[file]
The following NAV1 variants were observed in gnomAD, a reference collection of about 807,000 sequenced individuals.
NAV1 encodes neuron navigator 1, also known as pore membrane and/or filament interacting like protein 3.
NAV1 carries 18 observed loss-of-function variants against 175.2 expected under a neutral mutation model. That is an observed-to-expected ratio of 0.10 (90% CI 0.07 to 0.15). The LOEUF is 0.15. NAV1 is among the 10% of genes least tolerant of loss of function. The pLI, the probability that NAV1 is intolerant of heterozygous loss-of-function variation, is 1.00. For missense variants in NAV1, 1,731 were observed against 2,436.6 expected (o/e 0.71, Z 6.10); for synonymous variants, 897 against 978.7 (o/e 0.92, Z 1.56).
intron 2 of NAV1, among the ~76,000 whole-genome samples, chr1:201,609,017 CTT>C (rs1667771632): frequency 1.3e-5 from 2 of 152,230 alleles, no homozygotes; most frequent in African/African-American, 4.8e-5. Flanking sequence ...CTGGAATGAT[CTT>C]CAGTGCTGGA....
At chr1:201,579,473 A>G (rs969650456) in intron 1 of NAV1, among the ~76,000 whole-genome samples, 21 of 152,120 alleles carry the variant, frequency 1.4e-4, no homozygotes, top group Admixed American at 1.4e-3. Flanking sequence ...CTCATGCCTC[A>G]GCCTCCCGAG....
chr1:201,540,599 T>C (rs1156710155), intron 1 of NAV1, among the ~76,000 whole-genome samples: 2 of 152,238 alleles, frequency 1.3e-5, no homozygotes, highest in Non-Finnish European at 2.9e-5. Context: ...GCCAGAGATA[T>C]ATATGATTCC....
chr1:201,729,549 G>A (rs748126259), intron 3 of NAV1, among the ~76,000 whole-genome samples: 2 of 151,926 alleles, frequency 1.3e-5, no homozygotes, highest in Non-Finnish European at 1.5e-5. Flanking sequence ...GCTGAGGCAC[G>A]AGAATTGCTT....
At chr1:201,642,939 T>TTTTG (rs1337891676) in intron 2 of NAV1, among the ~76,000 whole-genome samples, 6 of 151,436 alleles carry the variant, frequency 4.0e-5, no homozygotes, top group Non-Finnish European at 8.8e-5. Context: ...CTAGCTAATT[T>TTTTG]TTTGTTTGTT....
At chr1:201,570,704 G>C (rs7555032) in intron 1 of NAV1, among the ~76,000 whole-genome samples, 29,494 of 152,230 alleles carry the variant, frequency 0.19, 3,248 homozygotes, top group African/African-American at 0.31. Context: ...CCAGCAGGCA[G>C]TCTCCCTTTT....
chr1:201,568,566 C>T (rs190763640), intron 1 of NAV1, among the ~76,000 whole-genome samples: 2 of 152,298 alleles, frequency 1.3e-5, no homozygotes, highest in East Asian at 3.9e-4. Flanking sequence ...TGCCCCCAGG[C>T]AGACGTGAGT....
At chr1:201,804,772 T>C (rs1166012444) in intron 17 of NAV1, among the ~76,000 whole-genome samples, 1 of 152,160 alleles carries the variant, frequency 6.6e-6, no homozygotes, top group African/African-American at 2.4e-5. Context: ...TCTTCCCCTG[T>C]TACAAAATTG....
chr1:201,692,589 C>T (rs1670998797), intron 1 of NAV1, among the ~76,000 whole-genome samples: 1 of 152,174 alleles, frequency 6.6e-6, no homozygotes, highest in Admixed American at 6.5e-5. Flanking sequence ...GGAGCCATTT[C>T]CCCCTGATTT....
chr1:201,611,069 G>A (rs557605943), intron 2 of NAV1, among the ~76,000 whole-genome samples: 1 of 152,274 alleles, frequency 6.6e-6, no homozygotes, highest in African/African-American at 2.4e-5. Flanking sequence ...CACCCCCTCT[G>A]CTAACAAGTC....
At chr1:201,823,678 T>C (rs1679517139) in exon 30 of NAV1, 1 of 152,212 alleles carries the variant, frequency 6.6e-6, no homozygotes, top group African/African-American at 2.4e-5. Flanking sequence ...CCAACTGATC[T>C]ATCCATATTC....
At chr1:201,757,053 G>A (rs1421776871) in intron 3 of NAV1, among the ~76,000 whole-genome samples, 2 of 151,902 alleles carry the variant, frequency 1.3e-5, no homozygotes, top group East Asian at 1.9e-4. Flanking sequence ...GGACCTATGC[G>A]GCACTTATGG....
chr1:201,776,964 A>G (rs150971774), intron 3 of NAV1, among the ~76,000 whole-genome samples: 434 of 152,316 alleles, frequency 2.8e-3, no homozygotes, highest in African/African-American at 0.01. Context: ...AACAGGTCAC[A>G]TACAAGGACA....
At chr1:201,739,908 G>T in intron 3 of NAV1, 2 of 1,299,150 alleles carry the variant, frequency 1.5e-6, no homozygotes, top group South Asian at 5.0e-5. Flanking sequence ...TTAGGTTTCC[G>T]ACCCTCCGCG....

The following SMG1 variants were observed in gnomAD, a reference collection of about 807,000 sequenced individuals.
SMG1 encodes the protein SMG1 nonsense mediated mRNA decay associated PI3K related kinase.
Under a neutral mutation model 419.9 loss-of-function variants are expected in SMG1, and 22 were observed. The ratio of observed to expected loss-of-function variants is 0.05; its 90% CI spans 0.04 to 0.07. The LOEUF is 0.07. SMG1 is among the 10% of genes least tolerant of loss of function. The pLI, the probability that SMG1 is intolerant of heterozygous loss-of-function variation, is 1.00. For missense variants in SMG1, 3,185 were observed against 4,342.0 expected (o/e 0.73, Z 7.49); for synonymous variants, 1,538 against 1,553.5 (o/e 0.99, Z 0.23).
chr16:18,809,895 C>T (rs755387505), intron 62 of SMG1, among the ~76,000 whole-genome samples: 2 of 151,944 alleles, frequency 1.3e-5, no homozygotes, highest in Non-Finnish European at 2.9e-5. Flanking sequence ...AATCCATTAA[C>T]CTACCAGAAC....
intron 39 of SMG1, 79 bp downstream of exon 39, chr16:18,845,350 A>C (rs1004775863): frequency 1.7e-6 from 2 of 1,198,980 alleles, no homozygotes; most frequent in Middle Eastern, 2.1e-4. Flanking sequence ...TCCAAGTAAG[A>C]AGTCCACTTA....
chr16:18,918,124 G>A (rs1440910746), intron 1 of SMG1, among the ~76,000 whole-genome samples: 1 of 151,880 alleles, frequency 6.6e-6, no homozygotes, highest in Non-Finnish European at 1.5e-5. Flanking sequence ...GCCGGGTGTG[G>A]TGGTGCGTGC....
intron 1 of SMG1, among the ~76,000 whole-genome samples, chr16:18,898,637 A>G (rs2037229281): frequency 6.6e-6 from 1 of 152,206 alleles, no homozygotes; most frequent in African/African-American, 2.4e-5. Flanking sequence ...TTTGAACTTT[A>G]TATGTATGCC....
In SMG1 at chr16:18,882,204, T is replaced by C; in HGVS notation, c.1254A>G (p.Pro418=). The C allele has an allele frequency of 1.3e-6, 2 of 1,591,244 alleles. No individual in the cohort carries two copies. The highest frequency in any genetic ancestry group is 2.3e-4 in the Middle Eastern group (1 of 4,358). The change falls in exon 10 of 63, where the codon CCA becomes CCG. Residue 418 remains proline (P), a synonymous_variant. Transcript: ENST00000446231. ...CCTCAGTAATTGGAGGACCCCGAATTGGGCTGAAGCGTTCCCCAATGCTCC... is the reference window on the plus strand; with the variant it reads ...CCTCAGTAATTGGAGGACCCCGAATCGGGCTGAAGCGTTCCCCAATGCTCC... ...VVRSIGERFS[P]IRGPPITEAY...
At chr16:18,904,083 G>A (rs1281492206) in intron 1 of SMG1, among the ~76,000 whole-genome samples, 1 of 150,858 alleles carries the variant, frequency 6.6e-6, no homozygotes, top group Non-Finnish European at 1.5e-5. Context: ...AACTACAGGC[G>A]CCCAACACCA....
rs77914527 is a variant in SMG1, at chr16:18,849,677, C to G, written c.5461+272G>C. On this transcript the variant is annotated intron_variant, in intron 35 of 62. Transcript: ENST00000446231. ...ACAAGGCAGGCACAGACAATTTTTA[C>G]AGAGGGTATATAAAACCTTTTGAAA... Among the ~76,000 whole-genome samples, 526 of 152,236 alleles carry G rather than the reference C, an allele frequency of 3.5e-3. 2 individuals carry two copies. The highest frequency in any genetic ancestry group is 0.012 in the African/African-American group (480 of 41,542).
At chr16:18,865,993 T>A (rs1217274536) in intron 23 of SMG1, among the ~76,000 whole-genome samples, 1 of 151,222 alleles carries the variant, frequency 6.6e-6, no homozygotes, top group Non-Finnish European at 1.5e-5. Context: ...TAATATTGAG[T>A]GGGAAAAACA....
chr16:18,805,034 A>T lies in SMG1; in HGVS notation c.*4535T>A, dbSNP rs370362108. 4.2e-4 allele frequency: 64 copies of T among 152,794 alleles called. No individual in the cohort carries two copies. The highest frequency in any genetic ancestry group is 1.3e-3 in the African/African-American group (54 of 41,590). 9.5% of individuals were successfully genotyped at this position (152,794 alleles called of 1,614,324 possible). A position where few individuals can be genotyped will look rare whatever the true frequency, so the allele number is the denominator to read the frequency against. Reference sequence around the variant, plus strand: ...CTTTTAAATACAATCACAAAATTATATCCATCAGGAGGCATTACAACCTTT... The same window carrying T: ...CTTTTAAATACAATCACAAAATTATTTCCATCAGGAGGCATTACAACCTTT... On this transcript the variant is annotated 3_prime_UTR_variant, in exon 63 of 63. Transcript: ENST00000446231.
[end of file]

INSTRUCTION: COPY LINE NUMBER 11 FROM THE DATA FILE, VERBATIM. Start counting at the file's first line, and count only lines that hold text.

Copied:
At chr1:201,804,772 T>C (rs1166012444) in intron 17 of NAV1, among the ~76,000 whole-genome samples, 1 of 152,160 alleles carries the variant, frequency 6.6e-6, no homozygotes, top group African/African-American at 2.4e-5. Context: ...TCTTCCCCTG[T>C]TACAAAATTG....